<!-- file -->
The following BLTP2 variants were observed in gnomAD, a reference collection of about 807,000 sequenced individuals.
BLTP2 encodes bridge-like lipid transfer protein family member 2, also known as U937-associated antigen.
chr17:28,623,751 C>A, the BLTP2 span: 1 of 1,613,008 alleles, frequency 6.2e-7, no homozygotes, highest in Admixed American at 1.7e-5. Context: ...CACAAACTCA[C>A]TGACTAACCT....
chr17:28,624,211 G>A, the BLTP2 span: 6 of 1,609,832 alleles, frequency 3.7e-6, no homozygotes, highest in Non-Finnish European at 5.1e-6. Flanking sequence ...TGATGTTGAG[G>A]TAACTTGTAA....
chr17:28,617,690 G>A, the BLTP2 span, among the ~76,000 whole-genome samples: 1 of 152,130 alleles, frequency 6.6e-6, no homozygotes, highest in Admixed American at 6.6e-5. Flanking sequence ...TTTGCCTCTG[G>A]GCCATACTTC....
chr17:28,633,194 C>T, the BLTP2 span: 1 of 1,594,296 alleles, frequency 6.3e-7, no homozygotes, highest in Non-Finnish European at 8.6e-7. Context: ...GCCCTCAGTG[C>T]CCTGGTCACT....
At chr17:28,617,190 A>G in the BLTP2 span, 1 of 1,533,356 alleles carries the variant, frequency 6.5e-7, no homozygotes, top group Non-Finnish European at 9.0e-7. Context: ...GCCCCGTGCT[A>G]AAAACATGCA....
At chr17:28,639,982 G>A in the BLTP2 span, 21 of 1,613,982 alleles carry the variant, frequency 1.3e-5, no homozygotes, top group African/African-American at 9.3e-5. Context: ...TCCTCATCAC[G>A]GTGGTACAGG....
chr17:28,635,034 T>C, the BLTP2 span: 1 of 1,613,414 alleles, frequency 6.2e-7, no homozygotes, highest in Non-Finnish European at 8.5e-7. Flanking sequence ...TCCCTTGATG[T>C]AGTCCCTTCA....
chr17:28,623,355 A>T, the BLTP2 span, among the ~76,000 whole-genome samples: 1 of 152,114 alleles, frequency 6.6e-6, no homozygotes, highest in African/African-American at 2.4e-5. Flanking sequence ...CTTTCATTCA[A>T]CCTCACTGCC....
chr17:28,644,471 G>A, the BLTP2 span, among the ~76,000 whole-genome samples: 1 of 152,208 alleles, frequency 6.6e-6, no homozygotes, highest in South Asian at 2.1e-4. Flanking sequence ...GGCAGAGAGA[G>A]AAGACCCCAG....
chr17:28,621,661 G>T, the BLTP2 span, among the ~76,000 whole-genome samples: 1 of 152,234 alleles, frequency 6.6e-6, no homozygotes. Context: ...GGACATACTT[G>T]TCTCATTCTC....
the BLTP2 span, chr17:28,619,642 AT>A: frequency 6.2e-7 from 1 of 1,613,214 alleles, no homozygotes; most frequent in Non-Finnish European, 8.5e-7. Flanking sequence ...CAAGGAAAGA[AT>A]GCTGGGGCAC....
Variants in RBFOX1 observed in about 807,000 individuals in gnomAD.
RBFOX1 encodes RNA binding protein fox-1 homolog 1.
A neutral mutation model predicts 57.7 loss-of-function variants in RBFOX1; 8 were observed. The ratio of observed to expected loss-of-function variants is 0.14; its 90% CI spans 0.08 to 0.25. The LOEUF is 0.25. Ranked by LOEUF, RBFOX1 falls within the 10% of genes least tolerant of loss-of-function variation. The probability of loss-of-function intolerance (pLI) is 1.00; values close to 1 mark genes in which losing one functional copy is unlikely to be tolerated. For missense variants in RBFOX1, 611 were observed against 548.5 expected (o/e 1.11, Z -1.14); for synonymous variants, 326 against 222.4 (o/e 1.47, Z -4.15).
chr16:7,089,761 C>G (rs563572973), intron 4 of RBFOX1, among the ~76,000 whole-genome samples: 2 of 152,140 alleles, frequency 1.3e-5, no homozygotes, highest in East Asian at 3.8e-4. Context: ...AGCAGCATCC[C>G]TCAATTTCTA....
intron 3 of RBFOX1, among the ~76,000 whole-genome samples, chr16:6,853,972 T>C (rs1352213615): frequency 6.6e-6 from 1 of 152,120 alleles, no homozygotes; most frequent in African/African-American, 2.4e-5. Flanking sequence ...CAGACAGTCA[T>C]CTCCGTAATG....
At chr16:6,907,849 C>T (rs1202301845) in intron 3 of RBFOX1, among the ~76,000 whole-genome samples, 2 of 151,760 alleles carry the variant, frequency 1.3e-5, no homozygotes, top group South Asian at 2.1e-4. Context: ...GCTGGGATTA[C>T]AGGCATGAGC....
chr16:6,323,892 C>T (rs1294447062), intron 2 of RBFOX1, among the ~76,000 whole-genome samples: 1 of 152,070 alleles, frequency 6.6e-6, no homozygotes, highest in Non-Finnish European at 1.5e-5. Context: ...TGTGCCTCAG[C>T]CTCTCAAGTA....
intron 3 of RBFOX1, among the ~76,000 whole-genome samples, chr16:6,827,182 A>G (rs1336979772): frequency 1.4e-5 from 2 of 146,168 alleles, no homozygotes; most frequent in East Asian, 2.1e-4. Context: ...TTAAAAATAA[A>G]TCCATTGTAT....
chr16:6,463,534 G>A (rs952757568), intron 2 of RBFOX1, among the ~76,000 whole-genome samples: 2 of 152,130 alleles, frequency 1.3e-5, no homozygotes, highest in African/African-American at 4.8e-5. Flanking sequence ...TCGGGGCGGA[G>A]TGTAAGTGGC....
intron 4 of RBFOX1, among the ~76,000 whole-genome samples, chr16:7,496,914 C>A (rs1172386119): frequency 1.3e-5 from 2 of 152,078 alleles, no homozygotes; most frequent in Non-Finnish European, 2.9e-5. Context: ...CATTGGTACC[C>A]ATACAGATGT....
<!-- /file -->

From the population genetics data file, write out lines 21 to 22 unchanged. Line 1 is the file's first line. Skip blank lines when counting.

intron 3 of RBFOX1, among the ~76,000 whole-genome samples, chr16:6,827,182 A>G (rs1336979772): frequency 1.4e-5 from 2 of 146,168 alleles, no homozygotes; most frequent in East Asian, 2.1e-4. Context: ...TTAAAAATAA[A>G]TCCATTGTAT....
chr16:6,463,534 G>A (rs952757568), intron 2 of RBFOX1, among the ~76,000 whole-genome samples: 2 of 152,130 alleles, frequency 1.3e-5, no homozygotes, highest in African/African-American at 4.8e-5. Flanking sequence ...TCGGGGCGGA[G>A]TGTAAGTGGC....